- News: These are critical. In my opinion the best site overall for security is Packetstorm. They offer learning texts, tool archives, and the latest news. I also watch the SANS ISC journals, and the SANS reading room.
- Twitter - The security industry is extremely active on twitter. You should plug yourself in to them to get started. I think all but 2 of the people I follow on twitter are security based. Go ahead and use that as a good place to start.
- Width vs Depth: When it really comes down to it, you will just need to find one (or two) areas you really enjoy. When I say “Enjoy”, i mean it. You may want to end up doing management, but to start out I would find what appeals to you the most. This will guarantee that you keep interested, and will feel accomplished as you learn things! One thing I quickly learned was the amount of spillover that occurs at the deepest parts of each security emphasis. Truly, infrastructure will eventually lead to testing/auditing, as well as incident handling, and so on. Like I said, find something you like, build a good basis, and then don’t be afraid to dive deep into what you enjoy. You will eventually find that you learn about all aspects of security, and wont mind the areas you lack in. The Security community is such a shared pool of knowledge, that learning from each other is half the fun. On that note, here are some tips to assist with this process:
- Find your emphasis: Ask people on the mailing lists, search through forums, look for job descriptions. What I did was figure out what I thought was cool (breaking stuff), figure out what it was called (“hacking”), and then research what professional positions existed (Penetration Testing).
- Find a mentor: Its all about who you know. Find someone who can help you answer your questions. They dont need to know everything, they just need to help point you in the right direction. My first mentors were a group of guys in an IRC channel. freenode has a ton of free channels. I would recommend checking out the above podcasts and looking into their IRC channels for people to help.
- Hands-On as soon as possible - Get your hands-on right away. Download BackTrack to get your hands on a lot of new tools, and start learning linux. Don’t worry about knowing ALL of it; just learn what you need, and as further needs arise figure out how to do it. A great resource to figure out how to do things is SecurityTube. This site will give you tutorials and presentations on almost anything you need to know, from programming to hacking, etc. There are also a lot of great resources for practicing security related activities. Some of these are:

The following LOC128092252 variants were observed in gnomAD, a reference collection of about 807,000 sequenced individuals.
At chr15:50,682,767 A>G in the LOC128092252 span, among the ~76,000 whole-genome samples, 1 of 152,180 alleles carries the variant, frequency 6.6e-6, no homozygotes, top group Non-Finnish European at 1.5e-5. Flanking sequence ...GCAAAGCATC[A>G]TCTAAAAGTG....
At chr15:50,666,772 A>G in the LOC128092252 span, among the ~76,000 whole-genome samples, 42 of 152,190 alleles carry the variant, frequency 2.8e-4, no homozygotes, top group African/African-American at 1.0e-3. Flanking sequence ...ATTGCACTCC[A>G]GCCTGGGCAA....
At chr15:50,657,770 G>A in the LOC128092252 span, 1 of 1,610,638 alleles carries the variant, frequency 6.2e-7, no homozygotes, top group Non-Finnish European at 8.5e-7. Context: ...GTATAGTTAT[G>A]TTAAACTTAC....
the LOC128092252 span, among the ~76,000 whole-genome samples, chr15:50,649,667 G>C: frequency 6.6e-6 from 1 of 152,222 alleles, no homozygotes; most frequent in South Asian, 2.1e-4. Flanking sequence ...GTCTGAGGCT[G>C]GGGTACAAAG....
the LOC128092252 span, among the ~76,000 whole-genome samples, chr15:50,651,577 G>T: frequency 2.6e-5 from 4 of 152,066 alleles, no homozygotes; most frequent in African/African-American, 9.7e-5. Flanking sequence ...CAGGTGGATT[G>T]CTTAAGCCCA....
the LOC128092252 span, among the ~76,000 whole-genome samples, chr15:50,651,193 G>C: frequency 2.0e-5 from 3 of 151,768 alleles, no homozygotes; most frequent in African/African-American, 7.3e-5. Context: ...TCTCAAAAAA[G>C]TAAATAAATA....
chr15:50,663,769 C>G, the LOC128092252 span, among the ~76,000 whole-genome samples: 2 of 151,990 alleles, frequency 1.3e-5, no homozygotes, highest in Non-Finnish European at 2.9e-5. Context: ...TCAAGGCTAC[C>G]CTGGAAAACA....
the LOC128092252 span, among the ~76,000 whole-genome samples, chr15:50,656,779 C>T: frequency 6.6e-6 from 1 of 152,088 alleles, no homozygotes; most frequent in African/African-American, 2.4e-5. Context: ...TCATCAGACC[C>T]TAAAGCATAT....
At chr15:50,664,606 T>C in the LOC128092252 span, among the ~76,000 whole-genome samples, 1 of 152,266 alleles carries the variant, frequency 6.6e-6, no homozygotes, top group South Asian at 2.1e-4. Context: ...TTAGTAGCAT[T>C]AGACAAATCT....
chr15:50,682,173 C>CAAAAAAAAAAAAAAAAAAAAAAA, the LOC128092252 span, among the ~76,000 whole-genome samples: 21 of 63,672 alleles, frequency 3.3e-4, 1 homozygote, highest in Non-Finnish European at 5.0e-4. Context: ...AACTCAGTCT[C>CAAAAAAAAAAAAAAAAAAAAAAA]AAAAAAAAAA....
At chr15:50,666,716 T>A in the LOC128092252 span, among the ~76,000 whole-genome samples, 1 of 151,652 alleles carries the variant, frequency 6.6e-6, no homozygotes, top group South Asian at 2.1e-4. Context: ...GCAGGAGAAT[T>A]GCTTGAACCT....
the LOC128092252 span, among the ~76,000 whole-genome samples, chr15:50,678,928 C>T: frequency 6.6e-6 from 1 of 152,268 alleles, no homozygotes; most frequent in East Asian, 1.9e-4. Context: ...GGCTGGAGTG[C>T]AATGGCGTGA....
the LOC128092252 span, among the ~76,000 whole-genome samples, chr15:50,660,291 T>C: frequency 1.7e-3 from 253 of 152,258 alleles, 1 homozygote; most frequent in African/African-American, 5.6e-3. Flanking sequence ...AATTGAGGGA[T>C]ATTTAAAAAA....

- Certifications – I have found certifications to be great learning opportunities, not to mention how they increase your professional marketability. There are so many certs out there, that you can find one for whatever you are interested in. For those looking to do government/military work, I would look at the DoD 8570 to see what certs would give you the most flexibility for jobs. Here are some that I suggest:
- Security+ – Overall great certification. If you want a good place to start for just overall security knowledge, this is the one you want.
- eCPPT – I havn’t done this course, but I have heard nothing but great reviews. It includes the courseware for life, making it an excellent resource after you get the certification.
- CEH – This is a great starter for those interested in penetration testing, or incident handling. I would strongly recommend this.
- CCNA – If you are going to be doing more infrastructure, you may want to look into Cisco stuff. I put the CCNA because its considered the entry level Cisco cert. You eventually might want the CCNA-Security and some of the other certs that qualify you for firewalls and ids configuration.
- CHFI – This is a good Incident Handler certification. Pretty cheap. I think you have to take the CEH before you can take this one.
- Starting Line: There is none. Thats okay. You need to learn to revel in the successes! Become a sponge and just absorb everything. When you read something you don’t understand, dont fret. Just remember it, let it serve as a placeholder, and learn about it when you can. Dont let this be overwhelming! Let it be FUN! Find opportunities to teach others and you will figure out more than you would have initially. There are a few things I would recommend you learn that will answer a large amount of your potential questions:
- TCP/IP – Learn about TCP/IP packets, layers, and basic communications. Understand these and you will do well. I would take the time to read the RFCs for these specific protocols.
- Basic Programming – Being able to read through code logic. not necessarily know how to program.
- Linux/Windows commands – knowing your way around the command line of both these systems will help greatly.
Hopefully this has been a good start to helping those get involved. Feel free to ask any questions.